Prince George’s County School Superintendent Kevin Maxwell was named Maryland’s 2014 Superintendent of the Year for his work in narrowing the achievement gap and forging partnerships with the community while at the helm in Anne Arundel County.
Maxwell, who became the schools chief of Maryland’s second-largest school system three months ago, received the award Thursday night from the Public School Superintendents’ Association of Maryland.
“This is one of the highest honors I have received during my 35-year career in education,” Maxwell said. “When you are selected by your peers for such recognition, it is both a thrilling and humbling experience. I extend my sincerest thanks to my colleagues for their nomination.”
Carl Roberts, the association’s executive director, said superintendents from across the state were impressed by Maxwell’s leadership, dedication to academic achievement and community engagement.
“Dr. Maxwell is an extremely effective leader,” Roberts said. “He’s engaged. He talks with his constituents. He problem-solves. He has taken on the gap . . . and he has had positive results in closing that gap.”
Maxwell served as Anne Arundel’s school superintendent for seven years, leaving in July to take the top job in Prince George’s. County Executive Rushern L. Baker III (D), who won approval from state lawmakers this year to change the school governance structure, hired Maxwell to turn around the school system, one of the worst-performing in the state.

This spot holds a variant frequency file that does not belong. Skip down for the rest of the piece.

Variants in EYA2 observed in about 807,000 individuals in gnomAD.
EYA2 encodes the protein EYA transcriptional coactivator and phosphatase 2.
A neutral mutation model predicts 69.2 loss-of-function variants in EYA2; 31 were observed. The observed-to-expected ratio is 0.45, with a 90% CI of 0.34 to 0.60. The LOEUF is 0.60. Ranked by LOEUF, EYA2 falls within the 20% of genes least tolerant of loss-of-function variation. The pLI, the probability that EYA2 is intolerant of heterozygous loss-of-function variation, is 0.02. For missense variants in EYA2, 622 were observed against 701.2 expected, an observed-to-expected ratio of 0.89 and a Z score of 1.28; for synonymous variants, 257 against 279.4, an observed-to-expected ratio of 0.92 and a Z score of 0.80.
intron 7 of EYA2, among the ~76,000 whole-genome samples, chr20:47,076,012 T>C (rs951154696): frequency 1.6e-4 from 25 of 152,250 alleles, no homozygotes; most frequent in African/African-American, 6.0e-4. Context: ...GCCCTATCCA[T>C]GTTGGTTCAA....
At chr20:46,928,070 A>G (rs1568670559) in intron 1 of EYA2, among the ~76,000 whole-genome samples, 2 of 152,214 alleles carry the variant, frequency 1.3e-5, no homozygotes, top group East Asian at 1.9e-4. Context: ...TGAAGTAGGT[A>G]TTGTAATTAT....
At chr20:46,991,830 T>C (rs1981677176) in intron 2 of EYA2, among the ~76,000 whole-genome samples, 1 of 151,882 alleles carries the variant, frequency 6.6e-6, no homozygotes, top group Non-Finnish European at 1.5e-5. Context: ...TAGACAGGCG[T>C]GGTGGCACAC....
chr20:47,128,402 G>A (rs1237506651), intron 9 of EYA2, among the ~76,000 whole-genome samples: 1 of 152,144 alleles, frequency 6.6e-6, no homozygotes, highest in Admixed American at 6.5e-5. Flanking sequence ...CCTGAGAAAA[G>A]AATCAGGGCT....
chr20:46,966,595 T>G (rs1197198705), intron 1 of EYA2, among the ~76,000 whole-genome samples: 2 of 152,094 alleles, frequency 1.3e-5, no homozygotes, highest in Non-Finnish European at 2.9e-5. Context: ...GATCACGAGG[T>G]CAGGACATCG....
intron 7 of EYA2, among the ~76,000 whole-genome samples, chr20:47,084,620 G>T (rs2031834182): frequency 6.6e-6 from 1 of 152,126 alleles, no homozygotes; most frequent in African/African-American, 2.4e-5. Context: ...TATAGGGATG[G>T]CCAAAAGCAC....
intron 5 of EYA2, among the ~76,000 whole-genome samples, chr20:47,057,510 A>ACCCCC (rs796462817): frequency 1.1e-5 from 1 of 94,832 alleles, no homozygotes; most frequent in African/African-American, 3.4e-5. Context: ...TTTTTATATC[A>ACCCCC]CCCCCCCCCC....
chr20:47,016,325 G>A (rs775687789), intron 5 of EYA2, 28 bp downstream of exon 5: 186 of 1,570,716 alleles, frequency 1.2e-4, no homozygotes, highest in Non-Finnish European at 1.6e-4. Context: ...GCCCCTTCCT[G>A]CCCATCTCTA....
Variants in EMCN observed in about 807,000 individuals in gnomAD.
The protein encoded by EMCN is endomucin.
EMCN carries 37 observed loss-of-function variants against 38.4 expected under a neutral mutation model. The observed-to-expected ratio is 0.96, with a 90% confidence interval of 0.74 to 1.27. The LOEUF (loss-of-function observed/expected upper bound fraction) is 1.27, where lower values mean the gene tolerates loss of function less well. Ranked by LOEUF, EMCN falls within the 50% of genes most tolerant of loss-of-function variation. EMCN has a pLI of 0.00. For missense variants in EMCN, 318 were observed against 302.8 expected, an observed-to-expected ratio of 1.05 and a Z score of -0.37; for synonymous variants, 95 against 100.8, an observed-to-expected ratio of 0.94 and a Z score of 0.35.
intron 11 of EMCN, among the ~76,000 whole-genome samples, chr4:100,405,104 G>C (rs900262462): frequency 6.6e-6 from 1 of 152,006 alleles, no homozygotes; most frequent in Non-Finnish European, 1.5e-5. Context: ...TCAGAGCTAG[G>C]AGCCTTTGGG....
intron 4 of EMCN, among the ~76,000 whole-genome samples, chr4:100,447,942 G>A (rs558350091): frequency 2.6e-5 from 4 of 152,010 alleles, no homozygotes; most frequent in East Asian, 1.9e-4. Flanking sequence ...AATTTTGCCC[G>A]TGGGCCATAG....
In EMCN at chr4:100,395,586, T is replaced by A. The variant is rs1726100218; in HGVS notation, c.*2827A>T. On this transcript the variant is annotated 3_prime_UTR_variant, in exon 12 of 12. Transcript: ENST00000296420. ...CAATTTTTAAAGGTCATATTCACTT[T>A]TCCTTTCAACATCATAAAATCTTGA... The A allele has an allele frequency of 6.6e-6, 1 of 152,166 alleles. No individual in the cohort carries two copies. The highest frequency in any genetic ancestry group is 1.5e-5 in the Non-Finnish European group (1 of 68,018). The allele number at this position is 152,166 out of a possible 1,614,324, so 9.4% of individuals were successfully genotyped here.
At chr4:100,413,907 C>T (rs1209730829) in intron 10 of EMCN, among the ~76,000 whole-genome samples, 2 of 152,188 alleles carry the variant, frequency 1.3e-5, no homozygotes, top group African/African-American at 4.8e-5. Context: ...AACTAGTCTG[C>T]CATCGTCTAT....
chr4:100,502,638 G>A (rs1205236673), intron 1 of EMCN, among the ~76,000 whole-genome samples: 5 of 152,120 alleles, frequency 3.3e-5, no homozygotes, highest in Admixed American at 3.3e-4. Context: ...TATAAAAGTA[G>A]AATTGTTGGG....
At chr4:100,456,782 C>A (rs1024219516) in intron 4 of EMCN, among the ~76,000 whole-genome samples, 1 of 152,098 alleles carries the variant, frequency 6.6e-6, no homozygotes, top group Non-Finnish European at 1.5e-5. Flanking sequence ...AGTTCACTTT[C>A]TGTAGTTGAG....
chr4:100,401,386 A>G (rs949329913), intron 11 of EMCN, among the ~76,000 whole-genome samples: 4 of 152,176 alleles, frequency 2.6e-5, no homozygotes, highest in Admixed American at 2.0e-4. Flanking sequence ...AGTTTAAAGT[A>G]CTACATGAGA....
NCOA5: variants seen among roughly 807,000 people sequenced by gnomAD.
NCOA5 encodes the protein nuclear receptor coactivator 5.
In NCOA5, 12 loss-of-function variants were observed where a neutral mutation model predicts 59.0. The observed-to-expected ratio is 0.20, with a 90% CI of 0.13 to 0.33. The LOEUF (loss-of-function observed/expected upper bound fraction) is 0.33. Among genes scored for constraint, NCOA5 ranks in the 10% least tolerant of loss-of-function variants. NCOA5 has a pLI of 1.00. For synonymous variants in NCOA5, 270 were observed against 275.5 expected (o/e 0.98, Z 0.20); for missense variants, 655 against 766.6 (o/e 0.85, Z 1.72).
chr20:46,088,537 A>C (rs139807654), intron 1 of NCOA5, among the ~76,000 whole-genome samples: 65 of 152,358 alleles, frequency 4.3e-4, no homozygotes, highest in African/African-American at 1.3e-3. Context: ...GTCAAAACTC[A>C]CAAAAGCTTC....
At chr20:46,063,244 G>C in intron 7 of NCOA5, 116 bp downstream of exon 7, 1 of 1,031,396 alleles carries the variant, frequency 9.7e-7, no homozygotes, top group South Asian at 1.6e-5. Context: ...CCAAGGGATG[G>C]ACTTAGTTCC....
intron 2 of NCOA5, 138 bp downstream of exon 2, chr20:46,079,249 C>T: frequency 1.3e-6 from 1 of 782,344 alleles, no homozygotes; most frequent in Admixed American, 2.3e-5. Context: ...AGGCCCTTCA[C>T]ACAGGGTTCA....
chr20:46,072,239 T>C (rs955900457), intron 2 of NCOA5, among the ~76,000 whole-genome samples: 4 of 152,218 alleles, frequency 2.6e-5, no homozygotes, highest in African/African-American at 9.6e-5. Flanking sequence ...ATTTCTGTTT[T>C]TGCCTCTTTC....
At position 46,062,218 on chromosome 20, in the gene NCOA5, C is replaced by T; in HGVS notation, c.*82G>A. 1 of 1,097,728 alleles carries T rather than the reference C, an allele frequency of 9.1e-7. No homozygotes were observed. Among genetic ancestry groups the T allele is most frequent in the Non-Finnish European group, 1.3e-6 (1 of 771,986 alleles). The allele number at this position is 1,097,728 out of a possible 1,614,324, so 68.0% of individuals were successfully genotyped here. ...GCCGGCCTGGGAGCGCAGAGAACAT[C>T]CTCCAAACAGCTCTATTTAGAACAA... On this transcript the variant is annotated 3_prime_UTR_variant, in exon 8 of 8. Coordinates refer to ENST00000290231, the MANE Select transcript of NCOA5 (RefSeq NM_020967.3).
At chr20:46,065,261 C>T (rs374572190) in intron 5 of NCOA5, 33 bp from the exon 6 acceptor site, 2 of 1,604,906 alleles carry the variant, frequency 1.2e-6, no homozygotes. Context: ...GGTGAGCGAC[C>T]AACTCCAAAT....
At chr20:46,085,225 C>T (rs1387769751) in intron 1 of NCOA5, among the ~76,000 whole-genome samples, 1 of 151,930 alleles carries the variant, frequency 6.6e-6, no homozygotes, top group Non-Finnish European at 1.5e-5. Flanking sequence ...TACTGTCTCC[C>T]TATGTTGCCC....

Maxwell started his career in 1978 in Prince George’s, serving as a teacher, principal and administrator. He then worked in Montgomery County from 2000 to 2006 as a principal and community superintendent.
The award comes as Maxwell begins to tackle how to improve a system that continues to lag behind many others in the region while facing a dwindling enrollment and a growing number of students from low-income families.
Although the school system has made some modest academic improvements in recent years, the county received some sobering news this week: Its graduation rate dropped by 3.3 percentage points over two years to 72.9 percent for the class of 2012. Statewide, the graduation rate increased.
Christian Rhodes, Baker’s education adviser, said part of the reason Maxwell was chosen as superintendent is because of his record.
“He’s well deserving,” Rhodes said. “And we anticipate great success in Prince George’s County.”
As Maryland’s superintendent of the year, Maxwell will represent the state in the National Superintendent of the Year program, which takes place in February at the National Conference on Education in Nashville.